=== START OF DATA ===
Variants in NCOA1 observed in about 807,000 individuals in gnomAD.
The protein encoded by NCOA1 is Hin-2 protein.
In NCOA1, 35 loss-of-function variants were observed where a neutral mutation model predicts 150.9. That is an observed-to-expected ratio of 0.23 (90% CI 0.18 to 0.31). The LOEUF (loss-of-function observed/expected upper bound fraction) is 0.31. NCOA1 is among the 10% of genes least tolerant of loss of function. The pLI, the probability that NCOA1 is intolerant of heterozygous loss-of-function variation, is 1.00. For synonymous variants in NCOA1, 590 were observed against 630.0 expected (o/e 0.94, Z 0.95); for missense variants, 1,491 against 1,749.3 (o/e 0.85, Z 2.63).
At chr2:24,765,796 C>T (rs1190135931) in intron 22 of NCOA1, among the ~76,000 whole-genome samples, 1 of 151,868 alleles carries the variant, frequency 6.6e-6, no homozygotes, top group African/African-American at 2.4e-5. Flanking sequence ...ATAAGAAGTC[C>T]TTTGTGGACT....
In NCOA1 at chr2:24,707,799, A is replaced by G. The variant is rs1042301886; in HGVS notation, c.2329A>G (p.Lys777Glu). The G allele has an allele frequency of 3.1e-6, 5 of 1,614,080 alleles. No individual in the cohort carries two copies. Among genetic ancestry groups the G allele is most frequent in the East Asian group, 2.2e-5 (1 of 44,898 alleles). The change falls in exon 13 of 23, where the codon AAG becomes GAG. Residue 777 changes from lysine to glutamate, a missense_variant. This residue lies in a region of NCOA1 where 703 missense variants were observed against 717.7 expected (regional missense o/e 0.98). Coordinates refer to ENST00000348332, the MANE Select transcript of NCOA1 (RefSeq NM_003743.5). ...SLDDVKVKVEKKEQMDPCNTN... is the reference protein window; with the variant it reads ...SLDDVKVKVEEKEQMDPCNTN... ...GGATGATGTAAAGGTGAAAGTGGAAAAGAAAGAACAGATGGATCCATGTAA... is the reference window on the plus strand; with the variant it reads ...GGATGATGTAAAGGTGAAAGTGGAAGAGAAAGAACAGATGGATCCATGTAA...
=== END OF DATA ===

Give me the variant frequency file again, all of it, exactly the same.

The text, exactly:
Variants in NCOA1 observed in about 807,000 individuals in gnomAD.
The protein encoded by NCOA1 is Hin-2 protein.
In NCOA1, 35 loss-of-function variants were observed where a neutral mutation model predicts 150.9. That is an observed-to-expected ratio of 0.23 (90% CI 0.18 to 0.31). The LOEUF (loss-of-function observed/expected upper bound fraction) is 0.31. NCOA1 is among the 10% of genes least tolerant of loss of function. The pLI, the probability that NCOA1 is intolerant of heterozygous loss-of-function variation, is 1.00. For synonymous variants in NCOA1, 590 were observed against 630.0 expected (o/e 0.94, Z 0.95); for missense variants, 1,491 against 1,749.3 (o/e 0.85, Z 2.63).
At chr2:24,765,796 C>T (rs1190135931) in intron 22 of NCOA1, among the ~76,000 whole-genome samples, 1 of 151,868 alleles carries the variant, frequency 6.6e-6, no homozygotes, top group African/African-American at 2.4e-5. Flanking sequence ...ATAAGAAGTC[C>T]TTTGTGGACT....
In NCOA1 at chr2:24,707,799, A is replaced by G. The variant is rs1042301886; in HGVS notation, c.2329A>G (p.Lys777Glu). The G allele has an allele frequency of 3.1e-6, 5 of 1,614,080 alleles. No individual in the cohort carries two copies. Among genetic ancestry groups the G allele is most frequent in the East Asian group, 2.2e-5 (1 of 44,898 alleles). The change falls in exon 13 of 23, where the codon AAG becomes GAG. Residue 777 changes from lysine to glutamate, a missense_variant. This residue lies in a region of NCOA1 where 703 missense variants were observed against 717.7 expected (regional missense o/e 0.98). Coordinates refer to ENST00000348332, the MANE Select transcript of NCOA1 (RefSeq NM_003743.5). ...SLDDVKVKVEKKEQMDPCNTN... is the reference protein window; with the variant it reads ...SLDDVKVKVEEKEQMDPCNTN... ...GGATGATGTAAAGGTGAAAGTGGAAAAGAAAGAACAGATGGATCCATGTAA... is the reference window on the plus strand; with the variant it reads ...GGATGATGTAAAGGTGAAAGTGGAAGAGAAAGAACAGATGGATCCATGTAA...